Announcing the shortlist, Alex Farquharson, Tate Britain's director, says: "The upper age limit originally helped the prize define itself as an award for a breakthrough moment in a more emerging artist's career".
Pethick said: "I think we are living in serious times and we felt this needed to be reflected in this years shortlist".
Finalists announced Wednesday are British painter Hurvin Anderson, whose images often draw on his Caribbean heritage; Lubaina Himid, one of the U.K.'s leading black female artists; German-born multidisciplinary artist Andrea Buttner; and Palestinian-English artist Rosalind Nashashibi, whose work includes the film "Electric Gaza".
Himid, 62, makes paintings, prints, drawings and installations that celebrate black creativity and challenge institutional invisibility.
She has been shortlisted for two paintings, Invisible Strategies and Navigation Charts, as well as her participation in the group exhibition The Place Is Here.
Himid claims the Guardian, "no doubt in the interests of good design and witty narrative", uses black people in a subtle way, "which could be said to undermine their identity". In the 1990s, it became dominated by the Young British Artists (YBAs) such as Damien Hirst and Anish Kapoor, and memorably made headlines for Tracey Emin's My Bed, which was nominated in 1999. They said her work was both "visually arresting and critical".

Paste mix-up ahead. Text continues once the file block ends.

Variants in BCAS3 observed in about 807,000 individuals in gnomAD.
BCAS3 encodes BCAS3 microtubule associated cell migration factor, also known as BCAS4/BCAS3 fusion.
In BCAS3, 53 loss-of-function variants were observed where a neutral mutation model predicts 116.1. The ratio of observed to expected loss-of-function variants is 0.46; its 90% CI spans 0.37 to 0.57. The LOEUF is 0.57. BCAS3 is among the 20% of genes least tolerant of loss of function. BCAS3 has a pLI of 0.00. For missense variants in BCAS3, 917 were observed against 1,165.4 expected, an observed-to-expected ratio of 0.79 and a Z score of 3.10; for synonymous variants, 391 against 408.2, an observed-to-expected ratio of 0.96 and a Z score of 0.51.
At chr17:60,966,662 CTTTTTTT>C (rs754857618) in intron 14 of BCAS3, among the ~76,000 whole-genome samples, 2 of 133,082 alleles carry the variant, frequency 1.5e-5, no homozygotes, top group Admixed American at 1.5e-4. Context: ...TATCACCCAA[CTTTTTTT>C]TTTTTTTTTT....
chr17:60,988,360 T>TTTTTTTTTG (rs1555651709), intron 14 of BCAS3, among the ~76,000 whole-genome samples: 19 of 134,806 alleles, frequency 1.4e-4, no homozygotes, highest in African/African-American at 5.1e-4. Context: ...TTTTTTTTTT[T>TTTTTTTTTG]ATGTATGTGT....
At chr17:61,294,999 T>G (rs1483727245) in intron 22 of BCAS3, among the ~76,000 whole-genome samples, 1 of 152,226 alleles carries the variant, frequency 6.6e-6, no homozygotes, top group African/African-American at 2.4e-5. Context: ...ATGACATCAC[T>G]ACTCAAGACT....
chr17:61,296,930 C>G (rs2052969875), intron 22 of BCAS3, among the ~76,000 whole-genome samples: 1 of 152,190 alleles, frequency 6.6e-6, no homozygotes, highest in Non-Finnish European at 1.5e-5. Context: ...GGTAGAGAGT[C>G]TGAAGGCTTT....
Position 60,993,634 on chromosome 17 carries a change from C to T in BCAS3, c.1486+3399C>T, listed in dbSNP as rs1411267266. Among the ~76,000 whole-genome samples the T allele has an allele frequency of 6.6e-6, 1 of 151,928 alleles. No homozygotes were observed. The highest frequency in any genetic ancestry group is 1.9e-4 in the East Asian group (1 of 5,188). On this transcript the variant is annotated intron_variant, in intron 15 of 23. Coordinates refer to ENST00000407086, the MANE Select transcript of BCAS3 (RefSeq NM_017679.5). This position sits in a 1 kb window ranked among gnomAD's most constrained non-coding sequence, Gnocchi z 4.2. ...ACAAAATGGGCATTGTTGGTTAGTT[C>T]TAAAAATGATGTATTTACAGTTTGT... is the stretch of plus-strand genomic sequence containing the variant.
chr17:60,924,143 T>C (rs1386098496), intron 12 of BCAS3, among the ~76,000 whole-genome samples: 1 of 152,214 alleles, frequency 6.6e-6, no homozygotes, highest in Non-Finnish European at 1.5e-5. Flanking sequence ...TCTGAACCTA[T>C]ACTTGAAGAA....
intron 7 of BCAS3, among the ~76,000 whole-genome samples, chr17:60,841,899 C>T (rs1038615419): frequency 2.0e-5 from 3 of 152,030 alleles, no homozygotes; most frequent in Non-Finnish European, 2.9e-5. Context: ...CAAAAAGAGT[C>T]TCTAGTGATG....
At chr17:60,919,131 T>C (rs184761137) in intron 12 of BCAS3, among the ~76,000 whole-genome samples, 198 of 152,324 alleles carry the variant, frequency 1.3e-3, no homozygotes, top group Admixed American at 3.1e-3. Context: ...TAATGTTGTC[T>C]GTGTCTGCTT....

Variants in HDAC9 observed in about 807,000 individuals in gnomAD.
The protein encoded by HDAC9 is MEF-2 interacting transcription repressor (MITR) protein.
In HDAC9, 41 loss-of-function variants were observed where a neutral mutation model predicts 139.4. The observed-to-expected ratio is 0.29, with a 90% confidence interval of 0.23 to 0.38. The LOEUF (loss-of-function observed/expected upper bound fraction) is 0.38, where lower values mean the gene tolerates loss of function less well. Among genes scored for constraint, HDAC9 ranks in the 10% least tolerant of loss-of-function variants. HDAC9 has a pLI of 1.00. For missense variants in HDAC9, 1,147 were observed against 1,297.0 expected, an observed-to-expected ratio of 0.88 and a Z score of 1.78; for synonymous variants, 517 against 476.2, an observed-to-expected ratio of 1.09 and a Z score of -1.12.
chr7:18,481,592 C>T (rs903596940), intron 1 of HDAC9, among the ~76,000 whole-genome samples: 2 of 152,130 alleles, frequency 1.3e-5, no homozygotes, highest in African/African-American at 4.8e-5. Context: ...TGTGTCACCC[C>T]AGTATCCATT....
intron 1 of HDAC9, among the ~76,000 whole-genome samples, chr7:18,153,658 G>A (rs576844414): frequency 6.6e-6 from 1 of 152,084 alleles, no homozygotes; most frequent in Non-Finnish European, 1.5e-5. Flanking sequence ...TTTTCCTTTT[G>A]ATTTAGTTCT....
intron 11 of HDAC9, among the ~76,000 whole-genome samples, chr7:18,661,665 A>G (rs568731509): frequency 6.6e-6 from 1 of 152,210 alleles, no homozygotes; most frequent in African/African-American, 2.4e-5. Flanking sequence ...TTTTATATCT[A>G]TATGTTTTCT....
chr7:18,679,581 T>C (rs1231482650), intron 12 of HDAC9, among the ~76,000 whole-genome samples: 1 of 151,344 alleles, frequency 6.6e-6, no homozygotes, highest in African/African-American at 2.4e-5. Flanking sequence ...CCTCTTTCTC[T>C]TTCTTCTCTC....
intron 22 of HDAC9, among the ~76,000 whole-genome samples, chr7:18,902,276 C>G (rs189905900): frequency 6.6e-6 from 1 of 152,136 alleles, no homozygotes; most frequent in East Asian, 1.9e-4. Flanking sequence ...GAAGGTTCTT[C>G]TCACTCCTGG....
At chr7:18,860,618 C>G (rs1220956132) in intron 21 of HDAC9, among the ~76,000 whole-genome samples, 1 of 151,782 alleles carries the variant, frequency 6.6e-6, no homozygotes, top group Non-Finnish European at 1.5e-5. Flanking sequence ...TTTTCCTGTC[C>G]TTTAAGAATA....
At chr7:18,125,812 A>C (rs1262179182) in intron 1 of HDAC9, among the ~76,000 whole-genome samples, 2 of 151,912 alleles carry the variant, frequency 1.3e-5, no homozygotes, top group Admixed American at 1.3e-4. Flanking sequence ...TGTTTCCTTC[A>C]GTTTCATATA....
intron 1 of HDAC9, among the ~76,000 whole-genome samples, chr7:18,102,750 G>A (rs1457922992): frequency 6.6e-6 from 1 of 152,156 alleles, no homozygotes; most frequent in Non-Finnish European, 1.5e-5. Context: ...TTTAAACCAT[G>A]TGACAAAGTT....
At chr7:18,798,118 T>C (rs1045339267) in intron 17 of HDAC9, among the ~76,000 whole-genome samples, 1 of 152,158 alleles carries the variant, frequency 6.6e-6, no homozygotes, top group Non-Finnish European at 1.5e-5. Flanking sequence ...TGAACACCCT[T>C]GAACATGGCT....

Anothr black British artist recognised after the rule change is 52-year-old Hurvin Anderson. He is shortlisted for solo exhibitions at the New Art Exchange in Nottingham and the Art Gallery of Ontario, Canada.
Tate Britain said that "the jury was impressed by the depth and maturity of Nashashibi's work, which often examines sites of human occupation and the coded relationships that occur within those spaces - whether a family home or garden, a ship or the Gaza Strip".
The Turner Prize judges praised her for "addressing pertinent questions of personal and political identity".
The fourth artist is Stuttgart-born Andrea Büttner, 45, who lives and works in London and Berlin. "They show how the intimate and everyday collide with issues of surveillance and control".
The jury chose Buttner because of her unique approach to collaboration and her exploration of religion, morality and ethics, articulated through a wide range of media including printmaking, sculpture, video and painting.
William Hill bookmakers have deemed Himid the 6/4 favourite to win and Büttner a 4/1 outsider.
The four artists' work will be displayed in an exhibition at the Ferens Art Gallery in Hull as part of the UK City of Culture celebrations from September 26 2017 until January 7 2018.